Characterization of antibody-AuNPs conjugates

pH optimization

To determine the optimum pH for conjugation, the color change of the AuNPs at different pH values was recorded before and after the addition of antibodies, in the presence of 1.5 M NaCl. Fig. 3a shows the color change of the AuNP solution from red to purple after the addition of NaCl into the solution at a low pH value (pH = 6-7), which resulted in the aggregation of the AuNPs. At pH values above 7.0 (pH = 8 or 9), no red-to-purple color change was observed; the color of the solution changed to dark red instead. The color changes of the solution became more visible after the addition of a designated concentration (see below) of antibodies to each Eppendorf tube, in the presence of NaCl (Fig. 3b). The most optimal pH value for the conjugation procedure was found to be 8. The schematic of the mechanism is shown in Fig. 3c.

Fig. 3
figure 3

Optimization of pH for conjugation. Color changes AuNPs at different pH values (1: 6, 2: 7, 3: 8 and 4: 9) (a) without antibody (b) with 1 μg/mL antibodies after adding NaCl. (c) Schematic of the aggregation of AuNPs via protein interaction in presence of NaCl

Optimal concentration for conjugation

At optimal pH, the optimal concentration of antibody was determined to be 1 μg/mL, which was the highest antibody concentration that maintained stable, conjugated AuNPs in solution. These results were obtained by observing the color change of AuNPs containing different antibody concentrations in presence of NaCl. Fig. 4a shows pH-adjusted gold solutions containing different antibody concentrations (0-8 μg/mL) in the presence of NaCl. As shown in Fig. 4a, when the concentration of antibody increased from 0 to 0.8 μg/mL, only a slight color change was observed. Conversely, at concentrations above 1 μg/mL, the color of the AuNPs changed from deep red to purple, which was indicative of the aggregation and precipitation of the AuNPs. To validate the result, the UV–VIS absorption spectra of the synthesized AuNPs were measured and compared with each other (Fig. 4b). With the use of 1 μg/mL of antibody, the absorption peak at 523 nm increased and shifted toward longer wavelengths. The feature was indicative of the interaction of the antibodies with the surface of the AuNPs.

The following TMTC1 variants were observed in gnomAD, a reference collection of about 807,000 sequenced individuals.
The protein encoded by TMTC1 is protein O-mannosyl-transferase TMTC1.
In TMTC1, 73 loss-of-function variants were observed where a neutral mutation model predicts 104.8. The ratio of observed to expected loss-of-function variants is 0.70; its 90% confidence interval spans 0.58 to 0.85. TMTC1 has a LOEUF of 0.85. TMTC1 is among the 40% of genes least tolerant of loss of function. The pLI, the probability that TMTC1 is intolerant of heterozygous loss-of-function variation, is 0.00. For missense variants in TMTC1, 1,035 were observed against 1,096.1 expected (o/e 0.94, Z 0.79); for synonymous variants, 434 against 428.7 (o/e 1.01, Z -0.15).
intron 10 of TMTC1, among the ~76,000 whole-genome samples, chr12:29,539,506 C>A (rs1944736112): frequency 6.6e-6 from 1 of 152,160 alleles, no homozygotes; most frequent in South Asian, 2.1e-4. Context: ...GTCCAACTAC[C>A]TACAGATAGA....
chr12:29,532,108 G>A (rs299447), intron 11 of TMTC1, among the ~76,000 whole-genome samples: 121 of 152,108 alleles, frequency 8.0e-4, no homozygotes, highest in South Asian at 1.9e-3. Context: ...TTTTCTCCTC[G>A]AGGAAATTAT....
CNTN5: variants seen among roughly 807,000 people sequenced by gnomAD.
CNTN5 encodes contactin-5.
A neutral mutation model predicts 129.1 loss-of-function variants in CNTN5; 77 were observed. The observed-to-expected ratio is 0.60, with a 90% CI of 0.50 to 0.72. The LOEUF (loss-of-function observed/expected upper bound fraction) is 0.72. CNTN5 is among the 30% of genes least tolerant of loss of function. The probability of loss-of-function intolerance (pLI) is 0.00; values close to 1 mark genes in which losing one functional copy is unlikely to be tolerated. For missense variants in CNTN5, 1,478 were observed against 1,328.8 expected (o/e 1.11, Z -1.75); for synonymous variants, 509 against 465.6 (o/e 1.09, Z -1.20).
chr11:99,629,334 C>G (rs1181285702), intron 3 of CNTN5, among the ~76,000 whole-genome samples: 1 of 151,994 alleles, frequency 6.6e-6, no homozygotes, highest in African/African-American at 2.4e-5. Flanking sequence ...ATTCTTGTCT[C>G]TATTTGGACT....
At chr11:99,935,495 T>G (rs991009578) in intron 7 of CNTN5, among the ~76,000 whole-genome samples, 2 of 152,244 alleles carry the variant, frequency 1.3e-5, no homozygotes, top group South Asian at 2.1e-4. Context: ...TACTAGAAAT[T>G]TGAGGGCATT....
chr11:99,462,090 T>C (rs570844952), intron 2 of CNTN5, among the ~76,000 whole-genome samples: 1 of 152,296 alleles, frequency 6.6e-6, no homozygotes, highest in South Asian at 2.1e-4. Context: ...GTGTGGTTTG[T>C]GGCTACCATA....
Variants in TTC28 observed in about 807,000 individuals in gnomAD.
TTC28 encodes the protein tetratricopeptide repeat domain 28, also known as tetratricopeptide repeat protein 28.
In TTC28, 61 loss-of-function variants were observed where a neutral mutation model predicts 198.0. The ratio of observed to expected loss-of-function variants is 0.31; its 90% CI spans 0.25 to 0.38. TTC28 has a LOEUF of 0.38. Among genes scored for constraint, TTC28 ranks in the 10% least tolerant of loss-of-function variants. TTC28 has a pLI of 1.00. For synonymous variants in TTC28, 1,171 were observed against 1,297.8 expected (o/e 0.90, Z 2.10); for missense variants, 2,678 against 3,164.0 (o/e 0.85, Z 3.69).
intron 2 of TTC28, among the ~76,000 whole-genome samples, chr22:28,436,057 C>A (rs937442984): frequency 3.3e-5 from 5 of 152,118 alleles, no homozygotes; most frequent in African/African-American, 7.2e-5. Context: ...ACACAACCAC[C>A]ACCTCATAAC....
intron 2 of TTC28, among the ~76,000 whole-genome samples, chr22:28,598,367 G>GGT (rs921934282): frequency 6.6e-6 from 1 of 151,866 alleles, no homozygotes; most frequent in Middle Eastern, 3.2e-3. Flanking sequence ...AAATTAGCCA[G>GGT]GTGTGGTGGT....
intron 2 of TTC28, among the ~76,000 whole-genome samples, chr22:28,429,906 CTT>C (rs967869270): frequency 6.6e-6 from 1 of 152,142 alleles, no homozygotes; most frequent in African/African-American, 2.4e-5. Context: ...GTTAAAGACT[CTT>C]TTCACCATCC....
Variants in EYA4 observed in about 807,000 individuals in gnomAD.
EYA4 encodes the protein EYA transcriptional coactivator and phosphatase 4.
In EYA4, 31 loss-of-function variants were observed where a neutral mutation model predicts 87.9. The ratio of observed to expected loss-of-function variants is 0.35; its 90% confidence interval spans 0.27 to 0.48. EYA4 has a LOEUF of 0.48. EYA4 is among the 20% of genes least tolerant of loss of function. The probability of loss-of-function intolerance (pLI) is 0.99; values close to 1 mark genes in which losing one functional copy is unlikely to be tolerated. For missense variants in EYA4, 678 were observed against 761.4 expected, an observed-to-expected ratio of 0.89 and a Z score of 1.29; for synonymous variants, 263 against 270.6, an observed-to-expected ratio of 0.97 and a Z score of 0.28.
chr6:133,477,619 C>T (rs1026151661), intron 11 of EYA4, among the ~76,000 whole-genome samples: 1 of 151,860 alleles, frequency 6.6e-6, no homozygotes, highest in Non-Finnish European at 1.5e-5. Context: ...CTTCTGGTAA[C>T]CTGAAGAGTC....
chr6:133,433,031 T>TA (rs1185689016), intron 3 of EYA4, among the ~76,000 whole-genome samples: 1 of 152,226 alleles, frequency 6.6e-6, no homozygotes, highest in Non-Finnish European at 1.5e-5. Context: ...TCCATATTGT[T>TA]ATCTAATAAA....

Fig. 4
figure 4

Optimization of antibody concentration for conjugation. (a) Color changes of the AuNPs with different antibody concentrations (0.4, 0.6, 0.8, 1, 2, 4, 6, 8 μg/mL) in the presence of NaClchanges were observed by the naked eye to determination optimal pH). (b) UV–Vis spectra of AuNPs with various antibody concentrations in presence of NaCl

Based on the aforementioned results, antibody conjugation to the AuNPs was performed at 1 μg/mL and pH 8. Fig. 5a and b shows the FESEM image of the antibody-labeled AuNPs. Binding of the antibodies to AuNPs resulted in a slight increase in the size of the AuNPs. Clustering of the labeled AuNPs on the substrate in FESEM image was ttributed to the change in surface energy of the nanoparticles after conjugation. Analysis of thesize of the antibody-labeled AuNPs in the FESEM images was performed using the ImageJ software (National Institute of Health, Bethesda, MD, USA). Most of the nanoparticles increased in size, up to 24 nm, due to the presence of adsorbed proteins on the surface of the nanoparticles; their average diameter was ~23.5nm. The absorption spectra of the AuNPs (Fig. 5c, red line) were used to compare the status of the nanoparticles before and after conjugation at optimal conditions. The absorption peak position of the conjugated AuNPs shifted from 520-523 nm to 526-529 nm and the intensity of absorption increased at 523 nm.

Fig. 5
figure 5

(a and b) FESEM images of antibody-conjugated AuNPs and (c) UV–Vis absorbance spectra of the AuNPs before (blue line) and after (red line) antibody conjugation, using the pre-determined optimal conditions for binding of antibodies to the AuNPs

Sensitivity of the LFTS